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UN Rights Chief Reports on Her Visit to China: What’s Wrong with This Picture?

May 28, 2022

Michelle Bachelet, UN High Commissioner for Human Rights, concludes her visit to China with a disappointing statement that betrays her mandate, as the world’s highest human rights authority, to “promote and protect the enjoyment and full realization, by all people, of all human rights.”

Bachelet made her visit against the backdrop of gross and deepening violations of fundamental rights—political, cultural, and religious—in China that have prompted sustained outcry and concern from governments, civil society groups, UN human rights mechanisms and independent experts. These violations have made news headlines around the world: the imprisonment of rights lawyers and advocates on the mainland, the allegation of a genocide in Xinjiang targeting Uyghurs and other ethnic Muslims, the criminalization of fundamental rights and systematic dismantlement of civil society in Hong Kong, and the continued repression of Tibetans.

Bachelet stresses that “This visit was not an investigation [but] an opportunity to hold direct discussions – with China’s most senior leaders – on human rights, to listen to each other, raise concerns . . .” and states that she raised areas of concerns with Chinese officials and “encouraged” the Chinese government to ensure that its policies comply with international human rights standards.  She continues, “I spoke to everyone I met in China – regional and national officials, civil society, academics, diplomats and others – with candour, with a sincere desire to make progress on the promotion and protection of human rights for all.”

“Surely, in this time of human rights crisis in China, the High Commissioner’s visit cannot just be a listening and sharing of concerns exercise,” said Sharon Hom, Executive Director of Human Rights in China. “The urgent need for concrete measures to promote rights progress demands more than the ‘outcomes’ announced: the creation of yet more ‘engagement’ exercises that lack benchmarks, accountability, and inclusion of meaningful civil society participation. ”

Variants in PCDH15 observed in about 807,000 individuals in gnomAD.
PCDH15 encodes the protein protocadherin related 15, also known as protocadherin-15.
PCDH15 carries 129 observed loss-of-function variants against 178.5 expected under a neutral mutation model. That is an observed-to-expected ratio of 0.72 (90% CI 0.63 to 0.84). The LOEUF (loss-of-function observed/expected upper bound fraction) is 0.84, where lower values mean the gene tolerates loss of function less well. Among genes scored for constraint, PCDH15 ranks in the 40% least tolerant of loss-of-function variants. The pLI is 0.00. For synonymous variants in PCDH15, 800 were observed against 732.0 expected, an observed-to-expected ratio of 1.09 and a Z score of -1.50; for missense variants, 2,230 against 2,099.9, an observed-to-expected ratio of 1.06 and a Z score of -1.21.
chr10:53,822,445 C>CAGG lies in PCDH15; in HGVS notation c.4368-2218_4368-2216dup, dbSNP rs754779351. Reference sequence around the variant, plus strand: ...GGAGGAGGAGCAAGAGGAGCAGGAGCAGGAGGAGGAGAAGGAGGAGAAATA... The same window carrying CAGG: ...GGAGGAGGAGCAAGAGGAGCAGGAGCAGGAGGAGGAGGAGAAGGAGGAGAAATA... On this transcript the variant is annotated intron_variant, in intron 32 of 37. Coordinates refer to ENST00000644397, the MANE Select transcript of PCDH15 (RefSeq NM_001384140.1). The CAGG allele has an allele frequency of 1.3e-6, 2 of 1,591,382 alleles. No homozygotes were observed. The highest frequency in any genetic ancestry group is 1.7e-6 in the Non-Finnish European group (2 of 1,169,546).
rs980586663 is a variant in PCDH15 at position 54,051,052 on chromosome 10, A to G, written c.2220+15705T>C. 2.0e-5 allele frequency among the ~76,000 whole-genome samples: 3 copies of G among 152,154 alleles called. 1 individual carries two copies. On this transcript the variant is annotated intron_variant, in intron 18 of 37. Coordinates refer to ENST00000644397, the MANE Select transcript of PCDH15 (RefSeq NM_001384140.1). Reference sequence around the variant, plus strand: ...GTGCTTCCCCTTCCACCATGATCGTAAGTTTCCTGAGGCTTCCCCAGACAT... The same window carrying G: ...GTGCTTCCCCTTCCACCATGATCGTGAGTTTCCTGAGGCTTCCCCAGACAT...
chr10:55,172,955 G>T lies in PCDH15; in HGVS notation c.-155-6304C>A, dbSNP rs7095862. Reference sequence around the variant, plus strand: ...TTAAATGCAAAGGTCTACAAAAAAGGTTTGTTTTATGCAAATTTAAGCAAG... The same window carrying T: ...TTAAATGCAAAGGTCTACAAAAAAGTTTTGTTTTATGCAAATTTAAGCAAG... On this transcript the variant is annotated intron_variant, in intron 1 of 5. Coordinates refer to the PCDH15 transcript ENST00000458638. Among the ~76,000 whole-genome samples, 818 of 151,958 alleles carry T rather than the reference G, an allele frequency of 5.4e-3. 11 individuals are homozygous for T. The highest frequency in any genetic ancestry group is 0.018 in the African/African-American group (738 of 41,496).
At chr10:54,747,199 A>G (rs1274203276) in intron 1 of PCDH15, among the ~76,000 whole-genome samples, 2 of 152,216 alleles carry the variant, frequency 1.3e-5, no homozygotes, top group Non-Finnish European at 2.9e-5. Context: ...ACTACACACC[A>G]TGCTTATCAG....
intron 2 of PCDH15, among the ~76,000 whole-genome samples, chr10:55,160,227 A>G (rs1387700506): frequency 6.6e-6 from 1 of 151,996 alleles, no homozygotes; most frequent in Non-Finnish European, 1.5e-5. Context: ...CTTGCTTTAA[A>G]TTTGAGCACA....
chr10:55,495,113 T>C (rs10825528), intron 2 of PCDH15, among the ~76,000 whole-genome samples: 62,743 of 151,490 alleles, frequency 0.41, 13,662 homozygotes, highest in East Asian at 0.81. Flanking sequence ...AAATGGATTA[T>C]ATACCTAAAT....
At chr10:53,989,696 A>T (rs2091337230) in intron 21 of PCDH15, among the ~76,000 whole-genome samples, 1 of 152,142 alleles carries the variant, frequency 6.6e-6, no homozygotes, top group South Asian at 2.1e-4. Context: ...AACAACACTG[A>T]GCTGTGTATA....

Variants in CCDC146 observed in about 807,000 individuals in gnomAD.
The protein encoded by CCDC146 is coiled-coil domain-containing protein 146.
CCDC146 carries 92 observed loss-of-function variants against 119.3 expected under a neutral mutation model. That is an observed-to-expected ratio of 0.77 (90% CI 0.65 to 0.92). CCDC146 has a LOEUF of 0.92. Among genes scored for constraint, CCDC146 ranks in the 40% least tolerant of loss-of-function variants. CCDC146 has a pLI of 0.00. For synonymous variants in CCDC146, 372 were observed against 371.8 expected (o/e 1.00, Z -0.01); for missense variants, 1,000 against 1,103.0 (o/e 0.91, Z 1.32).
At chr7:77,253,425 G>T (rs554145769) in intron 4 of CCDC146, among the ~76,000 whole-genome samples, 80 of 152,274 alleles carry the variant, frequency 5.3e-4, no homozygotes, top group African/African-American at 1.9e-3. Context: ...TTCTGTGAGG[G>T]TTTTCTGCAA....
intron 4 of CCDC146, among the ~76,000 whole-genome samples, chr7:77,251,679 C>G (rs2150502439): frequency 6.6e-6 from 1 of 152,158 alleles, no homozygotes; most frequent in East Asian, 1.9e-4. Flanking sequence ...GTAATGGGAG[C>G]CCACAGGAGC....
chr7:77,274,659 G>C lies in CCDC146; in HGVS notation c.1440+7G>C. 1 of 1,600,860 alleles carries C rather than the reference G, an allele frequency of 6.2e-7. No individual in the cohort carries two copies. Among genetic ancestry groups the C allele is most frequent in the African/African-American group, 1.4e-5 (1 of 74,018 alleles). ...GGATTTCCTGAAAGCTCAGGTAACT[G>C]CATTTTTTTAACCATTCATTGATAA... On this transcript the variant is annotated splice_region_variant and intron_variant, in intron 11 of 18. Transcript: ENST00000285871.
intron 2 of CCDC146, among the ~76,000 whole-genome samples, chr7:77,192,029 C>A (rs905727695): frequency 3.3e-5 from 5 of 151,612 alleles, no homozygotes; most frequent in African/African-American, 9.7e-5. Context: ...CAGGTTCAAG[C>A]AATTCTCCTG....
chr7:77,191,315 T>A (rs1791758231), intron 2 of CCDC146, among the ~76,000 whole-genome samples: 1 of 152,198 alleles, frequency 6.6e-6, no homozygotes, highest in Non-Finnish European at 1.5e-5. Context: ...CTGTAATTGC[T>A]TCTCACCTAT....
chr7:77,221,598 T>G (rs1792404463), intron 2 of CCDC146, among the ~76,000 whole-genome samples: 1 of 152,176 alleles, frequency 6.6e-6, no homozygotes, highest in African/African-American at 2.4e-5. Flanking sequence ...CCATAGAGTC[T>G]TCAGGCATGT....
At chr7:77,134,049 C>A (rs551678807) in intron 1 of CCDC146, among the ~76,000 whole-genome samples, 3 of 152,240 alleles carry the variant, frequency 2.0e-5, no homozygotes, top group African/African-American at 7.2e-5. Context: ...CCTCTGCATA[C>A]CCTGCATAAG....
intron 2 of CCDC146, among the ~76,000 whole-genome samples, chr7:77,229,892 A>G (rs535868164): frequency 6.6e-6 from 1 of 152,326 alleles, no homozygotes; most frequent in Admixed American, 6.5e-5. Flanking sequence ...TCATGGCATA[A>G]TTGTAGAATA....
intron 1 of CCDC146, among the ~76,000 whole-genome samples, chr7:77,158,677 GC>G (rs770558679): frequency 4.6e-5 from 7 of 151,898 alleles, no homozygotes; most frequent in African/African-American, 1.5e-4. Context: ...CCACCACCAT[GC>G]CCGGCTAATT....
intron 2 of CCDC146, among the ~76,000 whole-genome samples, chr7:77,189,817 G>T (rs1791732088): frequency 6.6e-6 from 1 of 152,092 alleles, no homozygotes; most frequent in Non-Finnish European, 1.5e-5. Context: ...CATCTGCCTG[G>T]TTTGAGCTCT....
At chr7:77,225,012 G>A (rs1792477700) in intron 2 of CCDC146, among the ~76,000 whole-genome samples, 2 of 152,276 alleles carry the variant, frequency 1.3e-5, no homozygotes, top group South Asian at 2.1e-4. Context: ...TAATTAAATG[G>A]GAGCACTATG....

Deeply troubling is Bachelet’s adoption of Chinese official terminology that evades and conceals the truth, e.g., “Vocational Education and Training Centres (VETCs)” to characterize the camps used for the mass incarceration of Uyghurs in Xinjiang—estimated to be at least one million—the reports of which have been backed by an extensive body of documented evidence and analyses. The High Commissioner’s invocation of benign “training centers” and echoing of Beijing’s claim of the imperative for counter-terrorism and “deradicalization” measures in Xinjiang, further  aggravate her failure to release her Xinjiang report, which her spokesperson said was near completion in early December 2021.  This apparent effort to avoid “sensitive” issues prior to the country visit resulted in a missed opportunity for a frank and grounded discussion of concerns regarding the brutal campaign against the Uyghur people.

The two concrete visit outcomes announced by the High Commissioner—an “annual senior strategic meeting for discussion of issues” and the establishment of a “working group to facilitate substantive exchanges and cooperation” between her office and the Chinese government—are simply yet more high-level talk shops which are inadequate to address the crisis-level of the human rights situation.

Bachelet also states: “To those who have sent me appeals, asking me to raise issues or cases with the authorities - I have heard you. Your advocacy matters and my visit was an opportunity to raise a number of specific situations and issues of concern with the Government.”

But transparency and accountability require disclosures of what specific cases were raised (unless specifically requested by impacted individuals to not do so), and what follow-up steps will be taken to ensure concerns are addressed. 

“We appreciate being heard. What we want is action,” said Hom.

Background on High Commissioner Bachelet’s China Visit

From May 23-28, UN High Commissioner for Human Rights Michelle Bachelet made the first country visit to China of the mandate holder since 2005. Bachelet’s visit, which was conducted at China’s invitation, included meetings with high-level officials, civil society organizations, and visits to Guangzhou, Kashgar and Urumqi.

Her visit coincided with the leak of a trove of documents, which indisputably reveal the wide-scale atrocities against the Uyghur population in Xinjiang and directly link them to the highest echelons of the Communist Party of China leadership. The documents contain more than 5,000 police photos of Uyghurs taken within the span of a mere 6-months in 2018. Cross-checks with additional data show that 2,884 of those individuals have been detained. The documents also expose the day-to-day workings of prison sites, as well as their “shoot to kill” policy against those who attempt escape.

Prior to Bachelet’s visit, civil society groups around the world had expressed concerns that she was allowing her trip to become part of the Chinese government propaganda that trumpets international cooperation. Her office continues to delay the release of a report on Xinjiang which a spokesperson said in December 2021 would be forthcoming in several weeks’ time.